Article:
KIMBALL, Minn. (WCCO) — Federal investigators say they’re making new progress in trying to find who’s responsible for a bombing in Minnesota more than three decades ago.
“We want this solved, yes,” said Postal Inspector Virginia Lalley. “It’s for Ivend Holen’s family, for all postal employees, for the Postal Service. It’s been out there too long.”
She’s one of two postal inspectors in St. Paul who are assigned to the bombing of the post office in Kimball, Minn., about an hour-and-a-half northwest of the Twin Cities in Stearns County.
Ivend Holen died soon after the bomb exploded in 1976. He was sorting mail before the post office opened and was blown out a metal door. He died on the way to the hospital.
“I would liken it to a sonic boom, but louder,” Kimball resident Maxine Doran said.
Doran was at home when that bomb blew apart the town’s post office. She rushed to see what had happened on Main Street.
“What I remember is the upper glass being broken,” she said about the front windows of the post office. “I think all the glass was broken.”
She also remembers detectives descending on Kimball, and the dead too, including her friend, Holen.
“Oh, it was unsettling,” she said.
Pain overshadowed the pleasant way of life many residents knew in central Minnesota. And for some, it’s a point in time that still feels like yesterday. Doran recalls suspicion blanketing Kimball back then, because no one knew who sent the package and why.
Packages were sorted based on where they would be delivered in town. This one was in the pile for Route 1. But postal inspectors cannot be certain if it was actually meant for someone living off Route 1, or if it as meant for someone else, possibly Holen himself.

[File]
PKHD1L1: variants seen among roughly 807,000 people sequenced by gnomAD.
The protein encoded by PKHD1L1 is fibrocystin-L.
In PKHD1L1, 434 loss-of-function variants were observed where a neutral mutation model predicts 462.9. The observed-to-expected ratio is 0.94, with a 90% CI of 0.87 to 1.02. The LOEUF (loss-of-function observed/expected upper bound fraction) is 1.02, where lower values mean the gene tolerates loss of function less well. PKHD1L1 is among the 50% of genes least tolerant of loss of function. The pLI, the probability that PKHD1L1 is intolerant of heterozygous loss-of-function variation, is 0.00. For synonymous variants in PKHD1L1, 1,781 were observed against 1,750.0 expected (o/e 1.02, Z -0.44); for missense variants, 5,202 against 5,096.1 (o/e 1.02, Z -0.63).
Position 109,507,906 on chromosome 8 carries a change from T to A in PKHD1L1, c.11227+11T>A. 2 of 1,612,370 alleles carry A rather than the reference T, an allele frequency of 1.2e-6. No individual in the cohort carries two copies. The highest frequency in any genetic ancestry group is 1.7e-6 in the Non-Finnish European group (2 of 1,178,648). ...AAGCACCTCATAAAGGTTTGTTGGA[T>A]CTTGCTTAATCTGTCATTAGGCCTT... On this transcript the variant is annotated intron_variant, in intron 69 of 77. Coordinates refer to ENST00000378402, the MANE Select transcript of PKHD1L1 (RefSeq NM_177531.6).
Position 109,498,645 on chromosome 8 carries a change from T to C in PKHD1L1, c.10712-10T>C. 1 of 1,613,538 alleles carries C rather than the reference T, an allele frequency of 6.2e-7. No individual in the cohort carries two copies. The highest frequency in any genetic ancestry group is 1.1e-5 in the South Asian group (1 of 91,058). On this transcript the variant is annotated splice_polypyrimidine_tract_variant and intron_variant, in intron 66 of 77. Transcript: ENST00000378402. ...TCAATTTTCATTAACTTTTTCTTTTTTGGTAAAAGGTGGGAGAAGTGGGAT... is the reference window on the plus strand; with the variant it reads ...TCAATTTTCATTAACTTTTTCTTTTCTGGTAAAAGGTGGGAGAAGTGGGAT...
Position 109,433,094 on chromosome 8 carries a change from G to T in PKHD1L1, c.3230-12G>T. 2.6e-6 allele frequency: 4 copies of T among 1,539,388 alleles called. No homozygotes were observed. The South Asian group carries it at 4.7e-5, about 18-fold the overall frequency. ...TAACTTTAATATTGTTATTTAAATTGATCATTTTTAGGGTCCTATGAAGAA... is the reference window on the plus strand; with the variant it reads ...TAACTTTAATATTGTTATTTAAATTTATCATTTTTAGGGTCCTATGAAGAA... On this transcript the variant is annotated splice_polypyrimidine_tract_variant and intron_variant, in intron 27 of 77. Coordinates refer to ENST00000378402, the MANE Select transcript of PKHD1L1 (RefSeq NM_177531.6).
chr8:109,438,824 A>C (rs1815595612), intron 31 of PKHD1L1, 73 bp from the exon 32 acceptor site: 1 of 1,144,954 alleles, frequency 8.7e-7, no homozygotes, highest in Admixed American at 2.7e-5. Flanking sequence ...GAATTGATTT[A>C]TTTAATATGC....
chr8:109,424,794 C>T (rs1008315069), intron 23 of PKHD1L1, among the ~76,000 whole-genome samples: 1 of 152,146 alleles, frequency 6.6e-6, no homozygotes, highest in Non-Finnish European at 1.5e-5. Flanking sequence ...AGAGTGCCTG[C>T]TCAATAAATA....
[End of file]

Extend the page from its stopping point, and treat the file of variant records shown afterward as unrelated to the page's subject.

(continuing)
“It was so tragic,” recalled Jennifer Harriel, Holen’s granddaughter. “It was something that was somebody else’s choice, and it was intentional.”
She called him a loving and caring man. Holen was a veteran of World War II, a Kimball American Legion Officer, and was involved in his community and close to his family.
“There are a lot of people who would have benefited greatly from meeting Grandpa,” she said.
Lalley called the case “intriguing,” and she has been tracking down leads and tips in the case since being assigned to it five years ago. Even she admits that it’s tough.
“Pretty powerful bomb,” she said while showing pictures police took of the crime scene for the first time. “Obviously meant to kill someone.”
A fire followed the explosion at 6:42 a.m. Inspector Lalley believes that it’s now time to also show something else federal investigators have never shown before.
It’s been widely known that a tackle box housed the bomb, but no one except inspectors and detectives have seen what it looks like.
“We’ve been kind of holding that close to our vest here,” she said.
Lalley’s exact replica of the tackle box is pea green, made of metal and is only about a foot long, and a couple of inches wide.
“I think it was a fairly common tackle box at the time,” she said.
It bears the name “Old Pal” at the top, along with a picture of a fish.
“We’re hoping it jogs somebody’s memory,” Lalley said.
She hopes someone will remember seeing the same tackle box years ago in a friend or relative’s home, and she might get the break in the case she needs to solve it.
Harriel said it’s important to her family for this case to be solved. She really wants closure for her family.
“Unfortunately, (Grandpa) was the one who suffered the consequences of somebody else’s actions, and we all live it, every day,” she said. “It’s an unsolved crime. It’s raw. It hurts. It’s difficult to discuss, so we don’t really talk about it.”
The 36th anniversary of the bombing came and went on May 13.
“It’s not a celebration,” Doran said. “It’s really a sad memory.”
She still feels that same unsettling feeling she had the day the bomb exploded, a feeling that will stay in Kimball until this deadly Minnesota mystery is finally solved.
A $100,000 reward is offered for helping solve this case. Call 1-877-876-2455 with information. You can also contact Postal Inspector Virginia Lalley at 651-293-3237 or Postal Inspector Kate Nichols at 651-293-3220.